The Foreign and Commonwealth Office (FCO) advise against all travel to Donetsk oblast, Luhansk oblast and Crimea.
Manchester City take on Shakhtar Donetsk in a UEFA Champions League group match in Kharkiv on Tuesday 23 October. If you’re travelling to Ukraine for the match, check our dedicated information and advice page for travelling supporters, in addition to this travel advice.
At 3.30am on 9 October 2018, there was a large explosion at a Ukrainian ammunitions depot near the town of Ichnya, in the Chernigov oblast. The Ukrainian authorities have declared an emergency situation. A 16km exclusion zone has been established around the site. Airspace (30km zone) has also been closed while rail and road transport are suspended. If you’re located in the vicinity of the explosion you should follow the advice of the local Ukrainian emergency services.
The security situation in the south-eastern parts of the Donestsk and Luhansk oblasts of Ukraine remains highly unstable with ongoing clashes between Ukrainian armed forces and Russian-backed armed separatists. The FCO isn’t able to provide consular services to anyone in the parts of the Donestsk and Luhansk oblasts not currently under control of the Ukrainian authorities. See Eastern Ukraine
Russia illegally annexed Crimea on 21 March 2014 and tensions remain high. The FCO is not able to provide consular services to anyone in Crimea. See Crimea
It’s illegal under Ukrainian law to enter internationally recognised Ukrainian territory through a border point that isn’t currently controlled by the Ukrainian authorities. If you do so, you risk arrest or a fine, and you may be subject to a travel ban. International border crossings that aren’t currently under the control of the Ukrainian authorities include all land border crossings into Donetsk oblast, many of the land border crossings into Luhansk oblast, all air and sea ports in Crimea and the Kerch Bridge road and rail crossing into Crimea. Information on border crossing procedure, entry/exit regulations and checkpoints are provided at the State Border Guard Service of Ukraine website.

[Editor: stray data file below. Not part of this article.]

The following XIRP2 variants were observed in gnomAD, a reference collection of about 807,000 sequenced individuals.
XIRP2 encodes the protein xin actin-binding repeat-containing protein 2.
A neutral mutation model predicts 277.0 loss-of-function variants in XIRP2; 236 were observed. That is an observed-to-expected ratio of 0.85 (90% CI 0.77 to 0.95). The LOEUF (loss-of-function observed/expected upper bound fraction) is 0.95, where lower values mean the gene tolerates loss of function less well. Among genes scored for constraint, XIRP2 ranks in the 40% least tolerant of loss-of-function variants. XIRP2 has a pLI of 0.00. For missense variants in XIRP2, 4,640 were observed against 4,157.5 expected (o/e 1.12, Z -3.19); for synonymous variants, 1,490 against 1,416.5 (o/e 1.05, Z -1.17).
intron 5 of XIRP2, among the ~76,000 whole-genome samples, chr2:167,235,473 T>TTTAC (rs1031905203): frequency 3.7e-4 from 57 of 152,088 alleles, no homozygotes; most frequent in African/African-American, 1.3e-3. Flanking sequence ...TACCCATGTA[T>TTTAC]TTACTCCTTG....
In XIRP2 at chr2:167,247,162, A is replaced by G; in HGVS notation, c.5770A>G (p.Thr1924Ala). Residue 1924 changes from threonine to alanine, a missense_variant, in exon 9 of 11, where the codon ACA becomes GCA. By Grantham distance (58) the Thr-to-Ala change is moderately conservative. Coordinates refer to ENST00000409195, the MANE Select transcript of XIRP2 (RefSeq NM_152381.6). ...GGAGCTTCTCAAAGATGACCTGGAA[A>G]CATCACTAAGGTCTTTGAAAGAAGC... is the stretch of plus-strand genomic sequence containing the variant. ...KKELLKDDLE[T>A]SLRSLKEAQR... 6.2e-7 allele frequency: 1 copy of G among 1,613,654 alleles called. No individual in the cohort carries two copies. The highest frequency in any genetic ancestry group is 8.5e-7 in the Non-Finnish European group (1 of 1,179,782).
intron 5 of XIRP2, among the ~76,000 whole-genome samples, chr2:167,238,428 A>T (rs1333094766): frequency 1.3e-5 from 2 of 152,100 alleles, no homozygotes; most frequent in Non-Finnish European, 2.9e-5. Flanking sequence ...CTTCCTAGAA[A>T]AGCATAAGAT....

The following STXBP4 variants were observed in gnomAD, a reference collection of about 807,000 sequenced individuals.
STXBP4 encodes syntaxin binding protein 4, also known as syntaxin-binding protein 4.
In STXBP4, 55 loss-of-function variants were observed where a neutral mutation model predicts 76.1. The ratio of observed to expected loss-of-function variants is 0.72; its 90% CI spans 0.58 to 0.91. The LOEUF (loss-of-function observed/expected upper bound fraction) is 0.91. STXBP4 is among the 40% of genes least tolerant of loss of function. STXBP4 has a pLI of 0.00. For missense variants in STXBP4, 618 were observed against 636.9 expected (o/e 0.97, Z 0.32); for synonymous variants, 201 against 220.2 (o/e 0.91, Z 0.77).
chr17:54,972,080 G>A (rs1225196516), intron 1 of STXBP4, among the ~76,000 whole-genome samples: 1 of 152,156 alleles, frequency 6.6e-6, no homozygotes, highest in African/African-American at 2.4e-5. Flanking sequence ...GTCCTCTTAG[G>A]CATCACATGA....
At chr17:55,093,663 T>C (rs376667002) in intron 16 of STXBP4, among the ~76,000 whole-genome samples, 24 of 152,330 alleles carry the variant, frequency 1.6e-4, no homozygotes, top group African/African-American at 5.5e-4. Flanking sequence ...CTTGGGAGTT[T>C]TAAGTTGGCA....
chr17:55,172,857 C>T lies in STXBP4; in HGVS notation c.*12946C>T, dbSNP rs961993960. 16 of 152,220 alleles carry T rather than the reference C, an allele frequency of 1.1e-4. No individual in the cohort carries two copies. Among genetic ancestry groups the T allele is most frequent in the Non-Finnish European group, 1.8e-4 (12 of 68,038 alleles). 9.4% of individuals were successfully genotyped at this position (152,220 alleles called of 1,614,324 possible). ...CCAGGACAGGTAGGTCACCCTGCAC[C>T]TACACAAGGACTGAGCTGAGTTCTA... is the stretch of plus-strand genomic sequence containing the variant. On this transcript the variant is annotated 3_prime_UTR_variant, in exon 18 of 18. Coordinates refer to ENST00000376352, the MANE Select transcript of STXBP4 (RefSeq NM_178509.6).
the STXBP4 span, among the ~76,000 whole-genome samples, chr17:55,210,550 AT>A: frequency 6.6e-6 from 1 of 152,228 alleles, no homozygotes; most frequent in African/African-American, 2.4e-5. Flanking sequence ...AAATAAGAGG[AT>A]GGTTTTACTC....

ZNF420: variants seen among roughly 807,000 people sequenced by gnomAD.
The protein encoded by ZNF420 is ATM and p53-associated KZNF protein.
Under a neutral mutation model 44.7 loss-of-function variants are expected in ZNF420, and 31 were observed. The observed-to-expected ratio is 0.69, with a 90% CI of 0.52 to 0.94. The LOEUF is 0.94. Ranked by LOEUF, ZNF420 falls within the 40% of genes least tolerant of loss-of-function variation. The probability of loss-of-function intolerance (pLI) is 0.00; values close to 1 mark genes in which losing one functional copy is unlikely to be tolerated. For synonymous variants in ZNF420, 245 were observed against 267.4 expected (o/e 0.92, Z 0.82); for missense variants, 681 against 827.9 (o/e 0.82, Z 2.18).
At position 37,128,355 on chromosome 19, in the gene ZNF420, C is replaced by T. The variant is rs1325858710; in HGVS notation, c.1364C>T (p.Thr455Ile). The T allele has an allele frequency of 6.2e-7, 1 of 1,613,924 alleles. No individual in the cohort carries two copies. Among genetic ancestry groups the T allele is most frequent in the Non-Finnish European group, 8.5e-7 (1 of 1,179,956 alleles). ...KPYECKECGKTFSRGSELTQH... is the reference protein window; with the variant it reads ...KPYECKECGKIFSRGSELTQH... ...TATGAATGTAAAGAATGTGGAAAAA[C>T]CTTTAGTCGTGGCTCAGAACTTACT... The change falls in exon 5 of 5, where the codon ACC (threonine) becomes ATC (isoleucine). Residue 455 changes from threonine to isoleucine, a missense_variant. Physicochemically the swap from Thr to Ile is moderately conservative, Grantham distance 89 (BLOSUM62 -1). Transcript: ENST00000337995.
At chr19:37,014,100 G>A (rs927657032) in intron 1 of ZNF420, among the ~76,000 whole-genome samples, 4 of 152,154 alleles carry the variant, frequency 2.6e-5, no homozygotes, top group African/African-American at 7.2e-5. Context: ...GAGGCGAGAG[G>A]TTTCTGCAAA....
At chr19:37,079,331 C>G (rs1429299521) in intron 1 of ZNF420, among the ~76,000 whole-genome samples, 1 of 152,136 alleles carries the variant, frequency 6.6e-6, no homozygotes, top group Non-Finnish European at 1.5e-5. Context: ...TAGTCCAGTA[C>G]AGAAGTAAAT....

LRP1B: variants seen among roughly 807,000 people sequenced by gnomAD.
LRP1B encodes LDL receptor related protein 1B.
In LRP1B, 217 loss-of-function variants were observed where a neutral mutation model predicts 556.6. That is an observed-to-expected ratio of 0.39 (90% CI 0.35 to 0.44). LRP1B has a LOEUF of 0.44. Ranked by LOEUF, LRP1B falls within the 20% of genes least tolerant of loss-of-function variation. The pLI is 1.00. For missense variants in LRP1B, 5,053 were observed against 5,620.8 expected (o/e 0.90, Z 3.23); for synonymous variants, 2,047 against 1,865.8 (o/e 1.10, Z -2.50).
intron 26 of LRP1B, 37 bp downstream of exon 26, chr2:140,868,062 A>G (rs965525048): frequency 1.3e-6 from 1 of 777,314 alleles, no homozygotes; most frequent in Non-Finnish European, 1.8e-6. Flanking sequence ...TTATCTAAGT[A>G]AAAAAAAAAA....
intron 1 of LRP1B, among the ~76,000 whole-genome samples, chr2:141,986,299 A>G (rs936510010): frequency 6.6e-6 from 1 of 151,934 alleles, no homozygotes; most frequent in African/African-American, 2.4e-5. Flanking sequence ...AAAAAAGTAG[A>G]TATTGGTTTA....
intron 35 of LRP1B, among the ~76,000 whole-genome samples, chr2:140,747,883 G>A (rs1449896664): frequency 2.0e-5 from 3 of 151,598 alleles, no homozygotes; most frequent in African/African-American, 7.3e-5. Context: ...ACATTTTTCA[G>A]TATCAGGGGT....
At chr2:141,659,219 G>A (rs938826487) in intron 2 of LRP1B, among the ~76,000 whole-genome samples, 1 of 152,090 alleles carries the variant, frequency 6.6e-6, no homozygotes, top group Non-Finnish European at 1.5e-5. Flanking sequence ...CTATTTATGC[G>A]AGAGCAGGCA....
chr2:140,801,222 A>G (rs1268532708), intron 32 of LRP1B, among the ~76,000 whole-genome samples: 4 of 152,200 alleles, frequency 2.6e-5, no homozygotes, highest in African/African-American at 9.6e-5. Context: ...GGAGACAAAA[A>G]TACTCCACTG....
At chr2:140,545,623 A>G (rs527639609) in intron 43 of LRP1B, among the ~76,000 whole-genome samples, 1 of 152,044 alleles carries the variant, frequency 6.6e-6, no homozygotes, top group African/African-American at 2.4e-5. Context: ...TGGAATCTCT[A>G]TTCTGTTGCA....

Events in Ukraine are fast moving. You should remain vigilant throughout Ukraine, monitor the media and this travel advice regularly, subscribe to email alerts and read our advice on how to deal with a crisis overseas.
The British Embassy in Kyiv is open to the public by appointment only. If you need to contact the British Embassy, please call +380 44 490 3660, or send an email to email@example.com.
Around 78,600 British nationals visited Ukraine in 2017. Most visits are trouble-free.
The situation in Kyiv and other areas outside Donetsk and Luhansk is generally calm. However, public demonstrations do regularly take place. Policing of these events may include road closures. You should avoid all demonstrations and take extra care at public gatherings. In Kyiv, the areas around Maydan Nezalezhnosti (Independence Square) and government buildings such as the Verkhovna Rada (parliament building) and the National Bank of Ukraine are most frequently affected. See Political situation
Take care on the roads. There are a high number of traffic accidents, including fatalities. See Road travel
Beware of petty crime, especially in crowded areas and tourist spots or when using public transport. See Crime
Terrorists are likely to try to carry out attacks in Ukraine. See Terrorism
If you’re abroad and you need emergency help from the UK government, contact the nearest British embassy, consulate or high commission.
The Overseas Business Risk service offers information and advice for British companies operating overseas on how to manage political, economic, and business security-related risks.
Take out comprehensive travel and medical insurance before you travel.